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Innovation in Healthcare

Innovation in Healthcare

Healthcare in most developed countries is in need of help – in its current form it is unsustainable with The World Health Organization (WHO) estimating a worldwide shortage of around 4.3 million physicians, nurses, and health workers, never mind the soaring costs of care. Such problems beg for innovative solutions involving every aspect of health care—its delivery to consumers, its technology, and its business models. Whilst huge sums of money have been invested in innovation, all too often efforts fail with the packaging and delivery of the treatment often being inefficient, ineffective, and consumer unfriendly (Innovation perspective).

According to HBR three kinds of innovation can make health care better and cheaper. One changes the ways consumers buy and use health care. Another uses technology to develop new products and treatments or otherwise improve care. The third generates new business models, particularly those that involve the horizontal or vertical integration of separate health care organizations or activities. In celebration of successful recent technology innovation (12 Health innovations 2016), we asked our network of consultants, who work predominantly in the healthcare and life sciences space, to articulate in their view which represented the greatest health innovation of this year.

The clear winner with 40% of the vote was Amgen's IMLYGIC: the first viral cancer drug. “The idea of curing cancer using the bodies own immune response represents a step change in existing treatment” says Johann (former Monitor consultant). “This drug offers a huge reduction in patient burden, and toxicities, working with a patient’s immune system is likely to have higher survival rates – making a huge difference for patients’ lives” states Fenella (former PA consultant). “This treatment will hopefully deliver not only a significant uplift in therapeutic success but will also vastly impact total cost of care” Arzu (former BCG consultant).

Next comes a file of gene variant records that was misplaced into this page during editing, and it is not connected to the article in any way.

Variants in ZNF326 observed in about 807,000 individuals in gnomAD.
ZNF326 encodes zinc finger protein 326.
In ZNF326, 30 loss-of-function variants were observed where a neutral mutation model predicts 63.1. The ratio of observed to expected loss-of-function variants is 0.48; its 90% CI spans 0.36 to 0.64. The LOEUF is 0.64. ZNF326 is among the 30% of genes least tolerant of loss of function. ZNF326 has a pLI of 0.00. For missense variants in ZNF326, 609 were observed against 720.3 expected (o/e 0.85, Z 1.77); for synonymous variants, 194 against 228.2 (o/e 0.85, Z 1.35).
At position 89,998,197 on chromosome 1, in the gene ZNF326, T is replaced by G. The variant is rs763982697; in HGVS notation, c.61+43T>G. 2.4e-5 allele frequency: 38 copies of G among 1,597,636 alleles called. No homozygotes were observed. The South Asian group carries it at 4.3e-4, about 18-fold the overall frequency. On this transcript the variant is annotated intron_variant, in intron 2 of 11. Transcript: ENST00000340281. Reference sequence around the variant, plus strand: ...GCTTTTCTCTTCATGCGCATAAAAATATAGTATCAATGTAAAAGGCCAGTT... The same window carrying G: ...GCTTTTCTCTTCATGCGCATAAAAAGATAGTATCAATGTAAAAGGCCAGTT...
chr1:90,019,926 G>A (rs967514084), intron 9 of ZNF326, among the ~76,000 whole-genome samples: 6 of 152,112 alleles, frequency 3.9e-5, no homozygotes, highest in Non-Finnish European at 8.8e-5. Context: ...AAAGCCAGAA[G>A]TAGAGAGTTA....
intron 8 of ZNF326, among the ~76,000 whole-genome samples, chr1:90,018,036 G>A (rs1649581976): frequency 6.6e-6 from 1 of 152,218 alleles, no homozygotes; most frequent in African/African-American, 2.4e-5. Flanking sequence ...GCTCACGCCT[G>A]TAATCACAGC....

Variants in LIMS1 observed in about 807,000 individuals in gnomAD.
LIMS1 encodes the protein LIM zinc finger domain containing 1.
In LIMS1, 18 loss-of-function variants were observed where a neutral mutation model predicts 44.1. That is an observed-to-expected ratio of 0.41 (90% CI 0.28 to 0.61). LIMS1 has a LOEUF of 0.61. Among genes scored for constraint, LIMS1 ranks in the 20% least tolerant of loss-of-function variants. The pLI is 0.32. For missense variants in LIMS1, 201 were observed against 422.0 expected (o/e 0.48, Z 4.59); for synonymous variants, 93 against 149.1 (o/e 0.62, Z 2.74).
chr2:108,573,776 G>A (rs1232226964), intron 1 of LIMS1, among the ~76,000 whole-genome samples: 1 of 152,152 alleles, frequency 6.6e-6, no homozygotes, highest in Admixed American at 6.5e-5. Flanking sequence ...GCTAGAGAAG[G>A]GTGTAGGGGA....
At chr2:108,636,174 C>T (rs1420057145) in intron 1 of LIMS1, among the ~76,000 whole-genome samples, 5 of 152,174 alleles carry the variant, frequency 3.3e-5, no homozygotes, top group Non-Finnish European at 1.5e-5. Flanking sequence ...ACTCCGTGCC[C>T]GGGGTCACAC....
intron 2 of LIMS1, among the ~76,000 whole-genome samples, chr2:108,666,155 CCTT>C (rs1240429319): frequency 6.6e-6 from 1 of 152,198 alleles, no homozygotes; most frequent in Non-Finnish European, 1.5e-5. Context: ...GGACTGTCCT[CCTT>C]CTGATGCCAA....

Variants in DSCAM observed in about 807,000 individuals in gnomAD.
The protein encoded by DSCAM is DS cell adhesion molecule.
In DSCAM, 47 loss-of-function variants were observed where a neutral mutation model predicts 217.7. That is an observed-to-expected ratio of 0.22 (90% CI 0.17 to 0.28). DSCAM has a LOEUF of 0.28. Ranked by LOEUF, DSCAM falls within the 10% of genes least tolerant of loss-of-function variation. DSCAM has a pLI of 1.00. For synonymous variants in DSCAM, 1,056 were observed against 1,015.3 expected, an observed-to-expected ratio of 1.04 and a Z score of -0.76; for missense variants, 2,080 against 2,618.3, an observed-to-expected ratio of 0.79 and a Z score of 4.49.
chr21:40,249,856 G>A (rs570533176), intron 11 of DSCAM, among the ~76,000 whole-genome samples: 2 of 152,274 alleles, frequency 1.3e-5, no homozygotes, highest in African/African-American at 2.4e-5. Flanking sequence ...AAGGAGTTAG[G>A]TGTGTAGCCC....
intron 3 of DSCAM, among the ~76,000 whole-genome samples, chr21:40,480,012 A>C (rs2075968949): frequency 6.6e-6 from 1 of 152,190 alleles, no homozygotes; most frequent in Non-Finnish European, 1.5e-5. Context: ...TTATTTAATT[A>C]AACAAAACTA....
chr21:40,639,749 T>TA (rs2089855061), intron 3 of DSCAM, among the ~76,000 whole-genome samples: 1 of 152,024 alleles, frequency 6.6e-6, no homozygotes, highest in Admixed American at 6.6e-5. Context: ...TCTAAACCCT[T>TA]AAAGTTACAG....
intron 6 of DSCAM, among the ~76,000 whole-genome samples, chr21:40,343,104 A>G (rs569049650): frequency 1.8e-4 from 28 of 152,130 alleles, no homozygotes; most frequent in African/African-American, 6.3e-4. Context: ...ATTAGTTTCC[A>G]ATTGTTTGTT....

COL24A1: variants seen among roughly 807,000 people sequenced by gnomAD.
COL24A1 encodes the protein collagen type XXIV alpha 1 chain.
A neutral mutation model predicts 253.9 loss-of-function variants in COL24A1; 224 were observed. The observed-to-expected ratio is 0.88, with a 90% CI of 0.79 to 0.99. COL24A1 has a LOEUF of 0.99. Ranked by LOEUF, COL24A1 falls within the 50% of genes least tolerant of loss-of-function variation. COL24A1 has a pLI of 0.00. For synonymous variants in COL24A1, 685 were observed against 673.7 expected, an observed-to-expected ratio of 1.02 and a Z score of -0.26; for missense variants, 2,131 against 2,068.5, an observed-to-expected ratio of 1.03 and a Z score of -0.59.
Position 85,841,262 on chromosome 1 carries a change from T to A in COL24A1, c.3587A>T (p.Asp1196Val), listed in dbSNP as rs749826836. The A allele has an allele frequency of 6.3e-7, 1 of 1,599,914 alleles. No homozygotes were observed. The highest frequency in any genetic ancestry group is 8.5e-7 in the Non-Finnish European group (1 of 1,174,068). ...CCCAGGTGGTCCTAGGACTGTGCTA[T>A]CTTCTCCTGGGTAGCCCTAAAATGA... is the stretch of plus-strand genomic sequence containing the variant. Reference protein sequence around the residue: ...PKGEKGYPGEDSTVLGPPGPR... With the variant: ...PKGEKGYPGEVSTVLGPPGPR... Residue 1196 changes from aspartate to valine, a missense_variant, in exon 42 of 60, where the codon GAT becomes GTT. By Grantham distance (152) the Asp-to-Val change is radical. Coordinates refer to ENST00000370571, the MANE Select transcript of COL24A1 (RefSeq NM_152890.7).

Joint second with 16% each, Sanofi Pasteur’s Dengvaxia: a vaccine for Dengue and Abbott’s Freestyle Libre: a prickless glucose test for diabetics. A vaccine for Dengue has a huge potential population reach and impact; “vaccines fail to get the recognition they deserve, as they somehow don’t seem as innovative as healthtech.  But they are incredibly important, and in this case, would change the lives of millions of the world’s poorest for whom the ability to live a healthy life is intricately linked to the ability to feed one’s family” articulates Thalia (former KPMG consultant).

Whilst “obesity is exploding both in developing and in developed countries, so together with diabetes, this will be the #1 health challenge over the next decades” replies Thomas (former McKinsey consultant). “While technologically simpler, this test makes a huge difference to the everyday lives of a large number of patients around the world” agrees Zornitsa (former IMS Health consultant) by removing the need to prick fingers multiple times a day.

Beyond that mentions should also go to the low cost Zika Test and the STAR Dextrous Robot Surgeon  (both 8%), as well as the absorbable Cardiac Stent, Second Skin, and a Nasal anaesthetic for Dentistry. “The Zika epidemic struck ‘out of the blue’ and the development of a test within just weeks is as much as an achievement as the impact it has on people” Michael (former McKinsey and BCG consultant).

It is perhaps also worth noting that four of the twelve on the list (the speedy thermometer, the pocket gluten detector, simpler intravenous drip control and an implant for Opioid maintenance) received no votes at all, which goes to show that for something to resonate as being innovative you have to take into account various factors including volume of people impacted and medical need. As Andrew (former LEK, IMS Health and CRA consultant) so aptly states “it would make a good consulting project to come up with a framework for defining the greatest innovation!”

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